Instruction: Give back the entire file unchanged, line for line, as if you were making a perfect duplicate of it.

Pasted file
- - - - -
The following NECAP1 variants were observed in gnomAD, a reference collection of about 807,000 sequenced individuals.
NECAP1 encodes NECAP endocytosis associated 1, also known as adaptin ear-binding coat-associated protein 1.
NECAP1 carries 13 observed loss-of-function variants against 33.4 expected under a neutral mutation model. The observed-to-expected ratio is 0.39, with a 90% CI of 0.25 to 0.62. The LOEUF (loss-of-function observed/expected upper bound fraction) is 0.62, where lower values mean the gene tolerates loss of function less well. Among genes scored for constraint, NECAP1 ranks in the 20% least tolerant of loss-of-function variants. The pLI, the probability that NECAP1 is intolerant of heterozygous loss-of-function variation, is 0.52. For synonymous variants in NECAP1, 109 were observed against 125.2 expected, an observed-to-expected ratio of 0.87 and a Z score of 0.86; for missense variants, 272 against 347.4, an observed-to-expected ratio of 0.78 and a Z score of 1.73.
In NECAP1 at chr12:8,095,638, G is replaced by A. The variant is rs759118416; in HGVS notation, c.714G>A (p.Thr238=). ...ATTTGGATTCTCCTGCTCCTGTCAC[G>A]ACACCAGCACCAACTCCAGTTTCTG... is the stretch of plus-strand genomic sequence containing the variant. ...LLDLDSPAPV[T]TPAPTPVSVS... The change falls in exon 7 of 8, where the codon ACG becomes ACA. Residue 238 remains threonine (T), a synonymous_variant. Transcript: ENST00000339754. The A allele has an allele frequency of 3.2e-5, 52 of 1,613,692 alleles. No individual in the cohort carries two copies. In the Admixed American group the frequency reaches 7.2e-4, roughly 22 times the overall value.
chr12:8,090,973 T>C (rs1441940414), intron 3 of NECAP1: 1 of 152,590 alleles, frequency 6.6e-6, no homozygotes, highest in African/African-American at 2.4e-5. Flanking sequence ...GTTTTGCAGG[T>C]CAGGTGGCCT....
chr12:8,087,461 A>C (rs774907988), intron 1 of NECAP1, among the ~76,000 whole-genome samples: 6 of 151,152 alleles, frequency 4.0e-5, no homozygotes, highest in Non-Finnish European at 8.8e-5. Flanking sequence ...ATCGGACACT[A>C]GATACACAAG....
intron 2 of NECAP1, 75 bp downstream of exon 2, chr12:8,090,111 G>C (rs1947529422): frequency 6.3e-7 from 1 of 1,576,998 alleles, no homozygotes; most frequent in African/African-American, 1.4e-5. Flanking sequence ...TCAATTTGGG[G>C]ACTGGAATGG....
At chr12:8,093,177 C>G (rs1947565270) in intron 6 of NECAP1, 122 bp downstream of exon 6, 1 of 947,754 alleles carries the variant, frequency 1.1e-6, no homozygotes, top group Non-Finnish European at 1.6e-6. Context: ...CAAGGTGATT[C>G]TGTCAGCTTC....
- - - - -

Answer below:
The following NECAP1 variants were observed in gnomAD, a reference collection of about 807,000 sequenced individuals.
NECAP1 encodes NECAP endocytosis associated 1, also known as adaptin ear-binding coat-associated protein 1.
NECAP1 carries 13 observed loss-of-function variants against 33.4 expected under a neutral mutation model. The observed-to-expected ratio is 0.39, with a 90% CI of 0.25 to 0.62. The LOEUF (loss-of-function observed/expected upper bound fraction) is 0.62, where lower values mean the gene tolerates loss of function less well. Among genes scored for constraint, NECAP1 ranks in the 20% least tolerant of loss-of-function variants. The pLI, the probability that NECAP1 is intolerant of heterozygous loss-of-function variation, is 0.52. For synonymous variants in NECAP1, 109 were observed against 125.2 expected, an observed-to-expected ratio of 0.87 and a Z score of 0.86; for missense variants, 272 against 347.4, an observed-to-expected ratio of 0.78 and a Z score of 1.73.
In NECAP1 at chr12:8,095,638, G is replaced by A. The variant is rs759118416; in HGVS notation, c.714G>A (p.Thr238=). ...ATTTGGATTCTCCTGCTCCTGTCAC[G>A]ACACCAGCACCAACTCCAGTTTCTG... is the stretch of plus-strand genomic sequence containing the variant. ...LLDLDSPAPV[T]TPAPTPVSVS... The change falls in exon 7 of 8, where the codon ACG becomes ACA. Residue 238 remains threonine (T), a synonymous_variant. Transcript: ENST00000339754. The A allele has an allele frequency of 3.2e-5, 52 of 1,613,692 alleles. No individual in the cohort carries two copies. In the Admixed American group the frequency reaches 7.2e-4, roughly 22 times the overall value.
chr12:8,090,973 T>C (rs1441940414), intron 3 of NECAP1: 1 of 152,590 alleles, frequency 6.6e-6, no homozygotes, highest in African/African-American at 2.4e-5. Flanking sequence ...GTTTTGCAGG[T>C]CAGGTGGCCT....
chr12:8,087,461 A>C (rs774907988), intron 1 of NECAP1, among the ~76,000 whole-genome samples: 6 of 151,152 alleles, frequency 4.0e-5, no homozygotes, highest in Non-Finnish European at 8.8e-5. Flanking sequence ...ATCGGACACT[A>C]GATACACAAG....
intron 2 of NECAP1, 75 bp downstream of exon 2, chr12:8,090,111 G>C (rs1947529422): frequency 6.3e-7 from 1 of 1,576,998 alleles, no homozygotes; most frequent in African/African-American, 1.4e-5. Flanking sequence ...TCAATTTGGG[G>C]ACTGGAATGG....
At chr12:8,093,177 C>G (rs1947565270) in intron 6 of NECAP1, 122 bp downstream of exon 6, 1 of 947,754 alleles carries the variant, frequency 1.1e-6, no homozygotes, top group Non-Finnish European at 1.6e-6. Context: ...CAAGGTGATT[C>G]TGTCAGCTTC....